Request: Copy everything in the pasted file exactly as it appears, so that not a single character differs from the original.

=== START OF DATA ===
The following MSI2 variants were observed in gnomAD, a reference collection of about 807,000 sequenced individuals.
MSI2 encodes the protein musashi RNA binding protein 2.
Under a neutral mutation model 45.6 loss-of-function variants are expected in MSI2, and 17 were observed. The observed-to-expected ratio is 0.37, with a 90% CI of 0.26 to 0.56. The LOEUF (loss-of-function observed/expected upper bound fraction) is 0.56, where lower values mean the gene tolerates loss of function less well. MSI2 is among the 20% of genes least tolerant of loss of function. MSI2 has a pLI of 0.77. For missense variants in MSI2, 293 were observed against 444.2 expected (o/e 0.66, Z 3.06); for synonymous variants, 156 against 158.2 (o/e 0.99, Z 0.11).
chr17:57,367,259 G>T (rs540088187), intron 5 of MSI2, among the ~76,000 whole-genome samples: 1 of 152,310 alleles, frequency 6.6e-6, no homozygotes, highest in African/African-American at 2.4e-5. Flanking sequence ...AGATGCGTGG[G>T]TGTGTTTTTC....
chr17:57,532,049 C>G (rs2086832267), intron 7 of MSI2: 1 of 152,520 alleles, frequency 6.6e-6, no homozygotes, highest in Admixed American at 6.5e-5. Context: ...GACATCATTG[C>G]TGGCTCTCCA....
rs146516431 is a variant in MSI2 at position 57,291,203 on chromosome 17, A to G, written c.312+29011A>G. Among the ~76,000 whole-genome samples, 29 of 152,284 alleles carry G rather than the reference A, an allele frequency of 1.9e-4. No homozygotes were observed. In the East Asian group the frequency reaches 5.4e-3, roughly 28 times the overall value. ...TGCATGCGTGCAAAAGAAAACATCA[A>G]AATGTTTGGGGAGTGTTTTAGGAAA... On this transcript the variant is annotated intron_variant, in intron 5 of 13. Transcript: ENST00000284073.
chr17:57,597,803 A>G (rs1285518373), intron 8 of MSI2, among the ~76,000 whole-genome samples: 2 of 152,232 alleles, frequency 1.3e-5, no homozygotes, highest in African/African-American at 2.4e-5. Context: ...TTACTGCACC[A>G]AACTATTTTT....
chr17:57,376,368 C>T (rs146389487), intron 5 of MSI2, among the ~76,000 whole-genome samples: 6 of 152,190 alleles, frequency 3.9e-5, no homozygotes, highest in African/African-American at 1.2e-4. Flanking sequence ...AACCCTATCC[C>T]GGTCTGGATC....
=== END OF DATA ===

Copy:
The following MSI2 variants were observed in gnomAD, a reference collection of about 807,000 sequenced individuals.
MSI2 encodes the protein musashi RNA binding protein 2.
Under a neutral mutation model 45.6 loss-of-function variants are expected in MSI2, and 17 were observed. The observed-to-expected ratio is 0.37, with a 90% CI of 0.26 to 0.56. The LOEUF (loss-of-function observed/expected upper bound fraction) is 0.56, where lower values mean the gene tolerates loss of function less well. MSI2 is among the 20% of genes least tolerant of loss of function. MSI2 has a pLI of 0.77. For missense variants in MSI2, 293 were observed against 444.2 expected (o/e 0.66, Z 3.06); for synonymous variants, 156 against 158.2 (o/e 0.99, Z 0.11).
chr17:57,367,259 G>T (rs540088187), intron 5 of MSI2, among the ~76,000 whole-genome samples: 1 of 152,310 alleles, frequency 6.6e-6, no homozygotes, highest in African/African-American at 2.4e-5. Flanking sequence ...AGATGCGTGG[G>T]TGTGTTTTTC....
chr17:57,532,049 C>G (rs2086832267), intron 7 of MSI2: 1 of 152,520 alleles, frequency 6.6e-6, no homozygotes, highest in Admixed American at 6.5e-5. Context: ...GACATCATTG[C>G]TGGCTCTCCA....
rs146516431 is a variant in MSI2 at position 57,291,203 on chromosome 17, A to G, written c.312+29011A>G. Among the ~76,000 whole-genome samples, 29 of 152,284 alleles carry G rather than the reference A, an allele frequency of 1.9e-4. No homozygotes were observed. In the East Asian group the frequency reaches 5.4e-3, roughly 28 times the overall value. ...TGCATGCGTGCAAAAGAAAACATCA[A>G]AATGTTTGGGGAGTGTTTTAGGAAA... On this transcript the variant is annotated intron_variant, in intron 5 of 13. Transcript: ENST00000284073.
chr17:57,597,803 A>G (rs1285518373), intron 8 of MSI2, among the ~76,000 whole-genome samples: 2 of 152,232 alleles, frequency 1.3e-5, no homozygotes, highest in African/African-American at 2.4e-5. Context: ...TTACTGCACC[A>G]AACTATTTTT....
chr17:57,376,368 C>T (rs146389487), intron 5 of MSI2, among the ~76,000 whole-genome samples: 6 of 152,190 alleles, frequency 3.9e-5, no homozygotes, highest in African/African-American at 1.2e-4. Flanking sequence ...AACCCTATCC[C>T]GGTCTGGATC....